Down the years, Wenger has often been the architect of the tactical masterclass. On this night, he found himself on the receiving end of one from long-time nemesis Big Sam.

 

Palace could have extended their advantage further with Christian Benteke having half chances to add a fourth goal, and, but from a credible performance from Martinez between the sticks for Arsenal, they may well have got it.

 

The autopsy of Arsenal has now reached new heights. The futures of key members of the squad still way up in the air, their once masterful manager, increasingly looking a caricature of his former self, yet to decide his fate and now Arsenal’s Champions League hopes hang by a thread. Currently seven points off the pace for fourth spot perhaps their lacklustre season looks ever more like marking the end of two decades of Champions League football, and perhaps Arsene Wenger.

He’s no Pep or Klopp but Big Sam is the right man

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Sam Allardyce is set to become the latest man to pick up the poison chalice of being named the England manager. His imminent appointment has a more poignant feel than other hiring’s for the job. It’s been ten years since the last time Big Sam has been talked about seriously as a potential England manager – losing out to Steve McClaren in 2006.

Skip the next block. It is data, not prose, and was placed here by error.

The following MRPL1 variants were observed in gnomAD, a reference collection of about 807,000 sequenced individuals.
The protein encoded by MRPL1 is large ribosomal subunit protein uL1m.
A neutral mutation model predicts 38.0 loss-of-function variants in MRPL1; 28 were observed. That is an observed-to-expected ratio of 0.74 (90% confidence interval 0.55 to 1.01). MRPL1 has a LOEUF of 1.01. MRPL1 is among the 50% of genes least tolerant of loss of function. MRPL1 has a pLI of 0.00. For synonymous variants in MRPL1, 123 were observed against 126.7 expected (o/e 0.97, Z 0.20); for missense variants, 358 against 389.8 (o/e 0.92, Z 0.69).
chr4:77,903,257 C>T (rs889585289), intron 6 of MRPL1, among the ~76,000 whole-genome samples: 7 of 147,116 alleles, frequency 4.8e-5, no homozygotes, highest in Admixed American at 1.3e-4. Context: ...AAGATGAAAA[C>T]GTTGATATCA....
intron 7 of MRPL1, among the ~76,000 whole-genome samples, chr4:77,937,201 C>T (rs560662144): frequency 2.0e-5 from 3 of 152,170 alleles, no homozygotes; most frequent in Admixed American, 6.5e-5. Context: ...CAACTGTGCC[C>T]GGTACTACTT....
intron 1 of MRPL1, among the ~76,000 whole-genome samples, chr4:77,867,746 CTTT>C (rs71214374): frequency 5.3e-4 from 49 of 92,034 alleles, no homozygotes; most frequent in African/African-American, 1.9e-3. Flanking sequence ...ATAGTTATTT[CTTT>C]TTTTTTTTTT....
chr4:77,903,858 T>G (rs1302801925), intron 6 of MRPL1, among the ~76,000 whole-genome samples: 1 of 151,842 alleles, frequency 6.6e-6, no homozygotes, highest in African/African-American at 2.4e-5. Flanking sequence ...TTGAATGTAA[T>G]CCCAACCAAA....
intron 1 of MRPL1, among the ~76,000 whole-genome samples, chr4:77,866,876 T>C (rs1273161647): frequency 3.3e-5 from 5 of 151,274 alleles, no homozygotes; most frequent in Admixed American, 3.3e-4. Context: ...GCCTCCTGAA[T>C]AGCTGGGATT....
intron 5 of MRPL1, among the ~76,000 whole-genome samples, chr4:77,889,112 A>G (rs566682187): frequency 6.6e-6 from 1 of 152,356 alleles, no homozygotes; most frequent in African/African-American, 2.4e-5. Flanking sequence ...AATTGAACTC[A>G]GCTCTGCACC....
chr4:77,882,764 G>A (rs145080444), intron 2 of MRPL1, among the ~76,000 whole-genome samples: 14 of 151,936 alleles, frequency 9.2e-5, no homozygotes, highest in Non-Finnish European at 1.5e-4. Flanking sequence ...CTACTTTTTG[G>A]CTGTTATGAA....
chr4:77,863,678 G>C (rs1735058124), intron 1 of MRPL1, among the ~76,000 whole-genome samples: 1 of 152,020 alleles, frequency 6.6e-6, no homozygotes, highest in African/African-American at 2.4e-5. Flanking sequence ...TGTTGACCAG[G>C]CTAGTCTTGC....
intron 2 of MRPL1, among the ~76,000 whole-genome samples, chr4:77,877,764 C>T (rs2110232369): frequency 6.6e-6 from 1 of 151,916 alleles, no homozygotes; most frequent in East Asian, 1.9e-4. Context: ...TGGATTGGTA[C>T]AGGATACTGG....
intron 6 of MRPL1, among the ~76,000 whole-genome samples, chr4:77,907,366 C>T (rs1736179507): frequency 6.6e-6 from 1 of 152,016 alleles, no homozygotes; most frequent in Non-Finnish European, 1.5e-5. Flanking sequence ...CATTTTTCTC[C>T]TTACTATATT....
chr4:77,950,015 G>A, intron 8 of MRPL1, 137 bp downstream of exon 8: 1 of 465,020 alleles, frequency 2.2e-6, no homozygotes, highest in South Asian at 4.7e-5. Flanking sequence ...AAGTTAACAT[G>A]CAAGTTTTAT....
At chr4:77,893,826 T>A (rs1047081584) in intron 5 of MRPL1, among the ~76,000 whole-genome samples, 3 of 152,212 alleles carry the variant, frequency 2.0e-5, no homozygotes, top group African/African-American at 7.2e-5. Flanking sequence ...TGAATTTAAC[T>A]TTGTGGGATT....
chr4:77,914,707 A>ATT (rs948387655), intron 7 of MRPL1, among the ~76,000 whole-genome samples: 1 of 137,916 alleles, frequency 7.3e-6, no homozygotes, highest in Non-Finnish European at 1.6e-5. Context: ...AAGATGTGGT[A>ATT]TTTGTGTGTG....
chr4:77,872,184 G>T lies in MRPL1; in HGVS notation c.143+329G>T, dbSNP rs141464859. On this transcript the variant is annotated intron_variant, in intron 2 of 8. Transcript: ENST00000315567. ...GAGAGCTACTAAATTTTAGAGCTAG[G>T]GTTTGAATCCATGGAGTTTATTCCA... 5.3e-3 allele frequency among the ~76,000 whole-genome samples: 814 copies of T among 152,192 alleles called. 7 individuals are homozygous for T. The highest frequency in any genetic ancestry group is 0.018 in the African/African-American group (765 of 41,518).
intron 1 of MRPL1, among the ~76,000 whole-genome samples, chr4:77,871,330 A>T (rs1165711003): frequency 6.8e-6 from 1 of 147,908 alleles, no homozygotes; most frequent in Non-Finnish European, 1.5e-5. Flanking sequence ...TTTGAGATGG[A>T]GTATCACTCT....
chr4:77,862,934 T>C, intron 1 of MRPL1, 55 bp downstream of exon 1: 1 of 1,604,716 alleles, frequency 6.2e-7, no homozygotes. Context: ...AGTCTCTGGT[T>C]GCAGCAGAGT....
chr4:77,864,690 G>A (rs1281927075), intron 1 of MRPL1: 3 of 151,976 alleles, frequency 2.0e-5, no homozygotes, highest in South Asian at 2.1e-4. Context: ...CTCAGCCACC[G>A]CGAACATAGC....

Such is the age we live in social media has by enlarge rejected the appointment of Allardyce already looking to his successor – how insane is that? People are already calling for the man’s head and he hasn’t even been appointed yet.

 

Outrageous backlash aside the former Bolton Wanderers manager will be the nest England manager and before we drop the guillotine we should take a moment to seriously consider Allardyce’s achievements.

 

Success is measured in many ways – for coaches like Mourinho and Guardiola it’s silverware. For managers such as Big Sam it’s how to consolidate teams and make them competitive, saving them from relegation and building on that. Allardyce’s success comes in the shape of taking players with shattered confidence and making them believe in themselves. After inheriting a bunch of players at Sunderland who looked lost on the pitch Allardyce transformed them into snarling pumas – not scared kitty cats.

 

Sunderland were seven points adrift when Allardyce took to the helm. Fast forward to the end of the season and The Black Cats finished two points above the relegation zone at the expense of their bitter rivals Newcastle United. Sunderland lost just one of their final 11 games including show stopping performances against Manchester United, Chelsea and Everton.

 

To look forward to Allardyce’s appointment we must first look back – not too far back – to Euro 2016. France, Germany, Spain even England all boasted a wealth of attacking talent. The tournament was won by a solid, stubborn, organised Portugal team. Portugal won just one game in 90 minutes throughout the entire tournament but all that matters is they won it. Head Coach Fernando Santos set his side out to be diligent in defence and ruthless in attack – they rode their luck at times but every team needs luck to go all the way.